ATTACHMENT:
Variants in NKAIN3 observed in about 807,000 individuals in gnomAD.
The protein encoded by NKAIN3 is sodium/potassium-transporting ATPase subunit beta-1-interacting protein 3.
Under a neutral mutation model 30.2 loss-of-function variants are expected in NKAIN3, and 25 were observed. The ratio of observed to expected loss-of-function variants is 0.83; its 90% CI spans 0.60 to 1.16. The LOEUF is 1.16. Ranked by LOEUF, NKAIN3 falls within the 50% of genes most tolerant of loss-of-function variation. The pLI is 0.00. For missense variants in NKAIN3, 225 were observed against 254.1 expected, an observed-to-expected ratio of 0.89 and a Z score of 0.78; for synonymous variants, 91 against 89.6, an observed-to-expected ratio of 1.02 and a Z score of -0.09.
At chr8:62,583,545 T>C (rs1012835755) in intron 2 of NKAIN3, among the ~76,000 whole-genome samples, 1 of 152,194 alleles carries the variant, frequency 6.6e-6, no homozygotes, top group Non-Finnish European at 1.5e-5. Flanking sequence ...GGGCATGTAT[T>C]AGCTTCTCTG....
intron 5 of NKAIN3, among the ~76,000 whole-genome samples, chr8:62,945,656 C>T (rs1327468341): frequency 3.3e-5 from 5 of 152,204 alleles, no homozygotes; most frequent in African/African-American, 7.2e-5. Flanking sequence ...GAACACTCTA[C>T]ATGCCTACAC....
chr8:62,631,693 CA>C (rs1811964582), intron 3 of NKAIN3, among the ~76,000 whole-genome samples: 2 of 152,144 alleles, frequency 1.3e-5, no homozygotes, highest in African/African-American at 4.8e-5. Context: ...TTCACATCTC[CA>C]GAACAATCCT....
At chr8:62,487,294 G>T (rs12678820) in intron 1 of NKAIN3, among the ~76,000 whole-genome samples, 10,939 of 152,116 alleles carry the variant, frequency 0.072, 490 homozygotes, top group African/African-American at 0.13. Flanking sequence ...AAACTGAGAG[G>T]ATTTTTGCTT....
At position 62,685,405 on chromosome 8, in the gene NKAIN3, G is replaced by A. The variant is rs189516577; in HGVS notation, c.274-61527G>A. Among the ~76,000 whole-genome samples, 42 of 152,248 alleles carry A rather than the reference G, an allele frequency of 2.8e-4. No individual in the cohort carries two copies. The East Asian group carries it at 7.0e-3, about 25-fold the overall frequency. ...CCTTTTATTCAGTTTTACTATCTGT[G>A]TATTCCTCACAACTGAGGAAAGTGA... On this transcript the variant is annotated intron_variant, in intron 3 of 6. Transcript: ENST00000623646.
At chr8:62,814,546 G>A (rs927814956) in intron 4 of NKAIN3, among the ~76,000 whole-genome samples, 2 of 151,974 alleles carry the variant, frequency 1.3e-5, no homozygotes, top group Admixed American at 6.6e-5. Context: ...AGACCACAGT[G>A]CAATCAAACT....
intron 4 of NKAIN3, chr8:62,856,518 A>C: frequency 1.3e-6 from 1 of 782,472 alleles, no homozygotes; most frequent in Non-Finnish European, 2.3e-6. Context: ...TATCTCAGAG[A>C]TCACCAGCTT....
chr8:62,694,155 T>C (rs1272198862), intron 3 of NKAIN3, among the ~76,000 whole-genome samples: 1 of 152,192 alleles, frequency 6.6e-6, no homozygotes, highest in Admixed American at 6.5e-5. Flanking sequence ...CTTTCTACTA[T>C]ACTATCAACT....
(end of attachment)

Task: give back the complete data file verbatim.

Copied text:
Variants in NKAIN3 observed in about 807,000 individuals in gnomAD.
The protein encoded by NKAIN3 is sodium/potassium-transporting ATPase subunit beta-1-interacting protein 3.
Under a neutral mutation model 30.2 loss-of-function variants are expected in NKAIN3, and 25 were observed. The ratio of observed to expected loss-of-function variants is 0.83; its 90% CI spans 0.60 to 1.16. The LOEUF is 1.16. Ranked by LOEUF, NKAIN3 falls within the 50% of genes most tolerant of loss-of-function variation. The pLI is 0.00. For missense variants in NKAIN3, 225 were observed against 254.1 expected, an observed-to-expected ratio of 0.89 and a Z score of 0.78; for synonymous variants, 91 against 89.6, an observed-to-expected ratio of 1.02 and a Z score of -0.09.
At chr8:62,583,545 T>C (rs1012835755) in intron 2 of NKAIN3, among the ~76,000 whole-genome samples, 1 of 152,194 alleles carries the variant, frequency 6.6e-6, no homozygotes, top group Non-Finnish European at 1.5e-5. Flanking sequence ...GGGCATGTAT[T>C]AGCTTCTCTG....
intron 5 of NKAIN3, among the ~76,000 whole-genome samples, chr8:62,945,656 C>T (rs1327468341): frequency 3.3e-5 from 5 of 152,204 alleles, no homozygotes; most frequent in African/African-American, 7.2e-5. Flanking sequence ...GAACACTCTA[C>T]ATGCCTACAC....
chr8:62,631,693 CA>C (rs1811964582), intron 3 of NKAIN3, among the ~76,000 whole-genome samples: 2 of 152,144 alleles, frequency 1.3e-5, no homozygotes, highest in African/African-American at 4.8e-5. Context: ...TTCACATCTC[CA>C]GAACAATCCT....
At chr8:62,487,294 G>T (rs12678820) in intron 1 of NKAIN3, among the ~76,000 whole-genome samples, 10,939 of 152,116 alleles carry the variant, frequency 0.072, 490 homozygotes, top group African/African-American at 0.13. Flanking sequence ...AAACTGAGAG[G>T]ATTTTTGCTT....
At position 62,685,405 on chromosome 8, in the gene NKAIN3, G is replaced by A. The variant is rs189516577; in HGVS notation, c.274-61527G>A. Among the ~76,000 whole-genome samples, 42 of 152,248 alleles carry A rather than the reference G, an allele frequency of 2.8e-4. No individual in the cohort carries two copies. The East Asian group carries it at 7.0e-3, about 25-fold the overall frequency. ...CCTTTTATTCAGTTTTACTATCTGT[G>A]TATTCCTCACAACTGAGGAAAGTGA... On this transcript the variant is annotated intron_variant, in intron 3 of 6. Transcript: ENST00000623646.
At chr8:62,814,546 G>A (rs927814956) in intron 4 of NKAIN3, among the ~76,000 whole-genome samples, 2 of 151,974 alleles carry the variant, frequency 1.3e-5, no homozygotes, top group Admixed American at 6.6e-5. Context: ...AGACCACAGT[G>A]CAATCAAACT....
intron 4 of NKAIN3, chr8:62,856,518 A>C: frequency 1.3e-6 from 1 of 782,472 alleles, no homozygotes; most frequent in Non-Finnish European, 2.3e-6. Context: ...TATCTCAGAG[A>C]TCACCAGCTT....
chr8:62,694,155 T>C (rs1272198862), intron 3 of NKAIN3, among the ~76,000 whole-genome samples: 1 of 152,192 alleles, frequency 6.6e-6, no homozygotes, highest in Admixed American at 6.5e-5. Flanking sequence ...CTTTCTACTA[T>C]ACTATCAACT....